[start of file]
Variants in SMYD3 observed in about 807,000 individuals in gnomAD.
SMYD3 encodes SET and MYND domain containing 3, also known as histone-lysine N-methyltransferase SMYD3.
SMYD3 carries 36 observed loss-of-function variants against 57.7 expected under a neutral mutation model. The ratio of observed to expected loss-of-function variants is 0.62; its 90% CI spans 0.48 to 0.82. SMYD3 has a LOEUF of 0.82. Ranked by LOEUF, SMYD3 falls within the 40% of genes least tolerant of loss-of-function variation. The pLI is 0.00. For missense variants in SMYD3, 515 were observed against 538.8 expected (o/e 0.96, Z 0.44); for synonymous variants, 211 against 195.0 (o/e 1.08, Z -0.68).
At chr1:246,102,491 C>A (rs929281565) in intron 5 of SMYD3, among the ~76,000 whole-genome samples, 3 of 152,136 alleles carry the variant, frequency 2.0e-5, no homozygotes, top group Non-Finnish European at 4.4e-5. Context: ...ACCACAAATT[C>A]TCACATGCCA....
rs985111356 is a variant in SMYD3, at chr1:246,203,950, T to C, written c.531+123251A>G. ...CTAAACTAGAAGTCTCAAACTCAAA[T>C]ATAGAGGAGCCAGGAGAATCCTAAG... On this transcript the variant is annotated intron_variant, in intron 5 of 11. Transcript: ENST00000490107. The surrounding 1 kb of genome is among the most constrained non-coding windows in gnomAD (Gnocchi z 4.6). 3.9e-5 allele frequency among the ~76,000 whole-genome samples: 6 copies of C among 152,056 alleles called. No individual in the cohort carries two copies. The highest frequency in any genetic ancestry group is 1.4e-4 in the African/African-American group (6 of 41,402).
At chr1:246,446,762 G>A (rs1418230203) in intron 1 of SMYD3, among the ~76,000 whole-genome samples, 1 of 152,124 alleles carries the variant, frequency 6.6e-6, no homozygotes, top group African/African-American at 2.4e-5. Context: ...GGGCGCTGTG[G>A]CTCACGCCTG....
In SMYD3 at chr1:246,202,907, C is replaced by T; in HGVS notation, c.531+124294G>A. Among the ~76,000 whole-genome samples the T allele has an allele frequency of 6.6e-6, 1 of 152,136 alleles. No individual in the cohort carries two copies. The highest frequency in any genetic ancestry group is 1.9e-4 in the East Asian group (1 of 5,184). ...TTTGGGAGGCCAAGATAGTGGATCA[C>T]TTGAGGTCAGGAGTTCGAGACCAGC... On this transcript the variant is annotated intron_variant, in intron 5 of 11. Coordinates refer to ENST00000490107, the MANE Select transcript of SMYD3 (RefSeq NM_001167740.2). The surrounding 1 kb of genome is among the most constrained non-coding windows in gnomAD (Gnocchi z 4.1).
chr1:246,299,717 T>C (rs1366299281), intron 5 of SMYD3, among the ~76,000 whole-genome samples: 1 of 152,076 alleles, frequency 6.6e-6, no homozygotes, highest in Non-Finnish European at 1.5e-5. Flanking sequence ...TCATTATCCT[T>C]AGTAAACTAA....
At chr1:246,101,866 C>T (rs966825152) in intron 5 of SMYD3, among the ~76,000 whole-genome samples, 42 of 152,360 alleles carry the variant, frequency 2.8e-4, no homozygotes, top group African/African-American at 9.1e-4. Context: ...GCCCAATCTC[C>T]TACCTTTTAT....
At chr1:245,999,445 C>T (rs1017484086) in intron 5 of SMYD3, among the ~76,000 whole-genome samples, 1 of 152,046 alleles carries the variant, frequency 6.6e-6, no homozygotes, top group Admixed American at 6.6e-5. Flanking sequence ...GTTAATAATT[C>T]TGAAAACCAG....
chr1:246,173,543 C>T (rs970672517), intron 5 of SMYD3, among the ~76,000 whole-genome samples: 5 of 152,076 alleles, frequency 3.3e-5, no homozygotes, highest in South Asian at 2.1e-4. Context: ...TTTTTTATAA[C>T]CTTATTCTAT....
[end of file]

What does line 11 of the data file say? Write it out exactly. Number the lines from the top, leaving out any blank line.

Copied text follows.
chr1:246,173,543 C>T (rs970672517), intron 5 of SMYD3, among the ~76,000 whole-genome samples: 5 of 152,076 alleles, frequency 3.3e-5, no homozygotes, highest in South Asian at 2.1e-4. Context: ...TTTTTTATAA[C>T]CTTATTCTAT....